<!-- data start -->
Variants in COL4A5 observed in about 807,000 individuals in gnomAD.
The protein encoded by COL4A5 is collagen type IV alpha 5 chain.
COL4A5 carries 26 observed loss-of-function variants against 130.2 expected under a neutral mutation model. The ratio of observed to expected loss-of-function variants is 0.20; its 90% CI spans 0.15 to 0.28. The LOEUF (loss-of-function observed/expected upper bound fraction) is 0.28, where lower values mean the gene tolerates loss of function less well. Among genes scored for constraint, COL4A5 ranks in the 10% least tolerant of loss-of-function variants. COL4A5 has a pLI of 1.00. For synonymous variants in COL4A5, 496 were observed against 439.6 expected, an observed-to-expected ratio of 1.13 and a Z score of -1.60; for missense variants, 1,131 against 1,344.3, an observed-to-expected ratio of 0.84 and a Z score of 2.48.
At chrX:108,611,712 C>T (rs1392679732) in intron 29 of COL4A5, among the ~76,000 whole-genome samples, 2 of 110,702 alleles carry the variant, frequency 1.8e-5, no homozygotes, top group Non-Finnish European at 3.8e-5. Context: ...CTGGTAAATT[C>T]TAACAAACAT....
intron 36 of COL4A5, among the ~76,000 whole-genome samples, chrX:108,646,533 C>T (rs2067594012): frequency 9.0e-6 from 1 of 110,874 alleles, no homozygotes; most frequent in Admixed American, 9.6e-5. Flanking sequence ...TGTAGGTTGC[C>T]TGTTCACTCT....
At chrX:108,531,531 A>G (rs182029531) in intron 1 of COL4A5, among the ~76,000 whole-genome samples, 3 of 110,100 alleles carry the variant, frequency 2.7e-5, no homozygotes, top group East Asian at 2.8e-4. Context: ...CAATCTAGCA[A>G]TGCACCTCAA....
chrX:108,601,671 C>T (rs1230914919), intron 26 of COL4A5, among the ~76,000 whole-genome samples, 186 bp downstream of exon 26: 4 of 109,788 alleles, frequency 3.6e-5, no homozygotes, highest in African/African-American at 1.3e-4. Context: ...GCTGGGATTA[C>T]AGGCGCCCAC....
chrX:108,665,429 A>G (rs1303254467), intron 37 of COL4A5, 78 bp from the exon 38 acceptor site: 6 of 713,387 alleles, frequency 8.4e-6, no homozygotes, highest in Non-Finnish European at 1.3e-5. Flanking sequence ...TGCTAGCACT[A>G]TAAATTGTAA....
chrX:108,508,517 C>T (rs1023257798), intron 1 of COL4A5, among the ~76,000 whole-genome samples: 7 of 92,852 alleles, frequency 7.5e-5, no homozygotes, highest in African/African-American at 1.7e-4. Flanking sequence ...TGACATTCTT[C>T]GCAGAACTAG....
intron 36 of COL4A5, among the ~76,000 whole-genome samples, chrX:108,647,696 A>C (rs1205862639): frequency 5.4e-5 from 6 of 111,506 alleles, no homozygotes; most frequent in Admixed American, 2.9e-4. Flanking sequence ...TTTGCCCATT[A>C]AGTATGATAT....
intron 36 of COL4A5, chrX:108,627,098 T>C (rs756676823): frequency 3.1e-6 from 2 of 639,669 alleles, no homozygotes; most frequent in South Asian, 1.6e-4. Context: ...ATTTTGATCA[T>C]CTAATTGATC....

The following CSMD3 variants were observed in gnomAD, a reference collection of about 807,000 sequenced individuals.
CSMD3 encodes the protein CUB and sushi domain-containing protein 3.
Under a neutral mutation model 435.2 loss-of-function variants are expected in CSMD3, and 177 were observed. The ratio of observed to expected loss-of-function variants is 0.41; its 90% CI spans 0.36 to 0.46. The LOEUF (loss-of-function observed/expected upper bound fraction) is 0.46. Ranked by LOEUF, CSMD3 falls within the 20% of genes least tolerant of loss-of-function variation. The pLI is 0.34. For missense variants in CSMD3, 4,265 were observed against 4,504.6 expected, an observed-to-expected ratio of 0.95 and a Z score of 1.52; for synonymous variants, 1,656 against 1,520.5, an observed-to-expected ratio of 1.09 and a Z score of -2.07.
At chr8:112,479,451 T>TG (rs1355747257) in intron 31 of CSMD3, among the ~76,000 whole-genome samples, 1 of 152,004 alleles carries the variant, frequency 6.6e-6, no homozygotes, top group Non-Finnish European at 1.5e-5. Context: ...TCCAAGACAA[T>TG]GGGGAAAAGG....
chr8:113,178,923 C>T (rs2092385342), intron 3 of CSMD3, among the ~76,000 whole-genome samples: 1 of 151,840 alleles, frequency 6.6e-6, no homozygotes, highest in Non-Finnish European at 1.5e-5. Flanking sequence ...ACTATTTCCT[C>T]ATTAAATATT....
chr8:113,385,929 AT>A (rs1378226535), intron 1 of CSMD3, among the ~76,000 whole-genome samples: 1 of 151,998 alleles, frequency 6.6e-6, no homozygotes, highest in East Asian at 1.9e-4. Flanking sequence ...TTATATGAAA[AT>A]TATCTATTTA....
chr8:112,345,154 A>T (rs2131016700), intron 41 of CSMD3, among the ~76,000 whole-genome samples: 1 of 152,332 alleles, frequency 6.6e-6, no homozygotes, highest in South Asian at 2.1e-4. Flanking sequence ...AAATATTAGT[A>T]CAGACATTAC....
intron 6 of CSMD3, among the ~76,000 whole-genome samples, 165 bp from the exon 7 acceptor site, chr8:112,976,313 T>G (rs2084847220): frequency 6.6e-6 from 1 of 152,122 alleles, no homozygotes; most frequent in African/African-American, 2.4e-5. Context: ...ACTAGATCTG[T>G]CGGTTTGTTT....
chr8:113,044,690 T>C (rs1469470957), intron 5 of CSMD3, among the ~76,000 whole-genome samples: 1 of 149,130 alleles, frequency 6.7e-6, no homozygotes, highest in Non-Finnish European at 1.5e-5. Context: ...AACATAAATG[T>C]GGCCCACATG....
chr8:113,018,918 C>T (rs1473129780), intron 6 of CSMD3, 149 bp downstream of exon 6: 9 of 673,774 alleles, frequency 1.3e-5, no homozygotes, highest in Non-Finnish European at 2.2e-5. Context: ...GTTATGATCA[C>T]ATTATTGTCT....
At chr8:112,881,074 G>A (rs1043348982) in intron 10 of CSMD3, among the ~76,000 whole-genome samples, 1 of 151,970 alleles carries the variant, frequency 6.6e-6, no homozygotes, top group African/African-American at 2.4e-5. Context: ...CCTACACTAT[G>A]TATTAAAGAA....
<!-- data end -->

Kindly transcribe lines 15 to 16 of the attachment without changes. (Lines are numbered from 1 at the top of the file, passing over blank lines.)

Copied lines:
At chr8:112,479,451 T>TG (rs1355747257) in intron 31 of CSMD3, among the ~76,000 whole-genome samples, 1 of 152,004 alleles carries the variant, frequency 6.6e-6, no homozygotes, top group Non-Finnish European at 1.5e-5. Context: ...TCCAAGACAA[T>TG]GGGGAAAAGG....
chr8:113,178,923 C>T (rs2092385342), intron 3 of CSMD3, among the ~76,000 whole-genome samples: 1 of 151,840 alleles, frequency 6.6e-6, no homozygotes, highest in Non-Finnish European at 1.5e-5. Flanking sequence ...ACTATTTCCT[C>T]ATTAAATATT....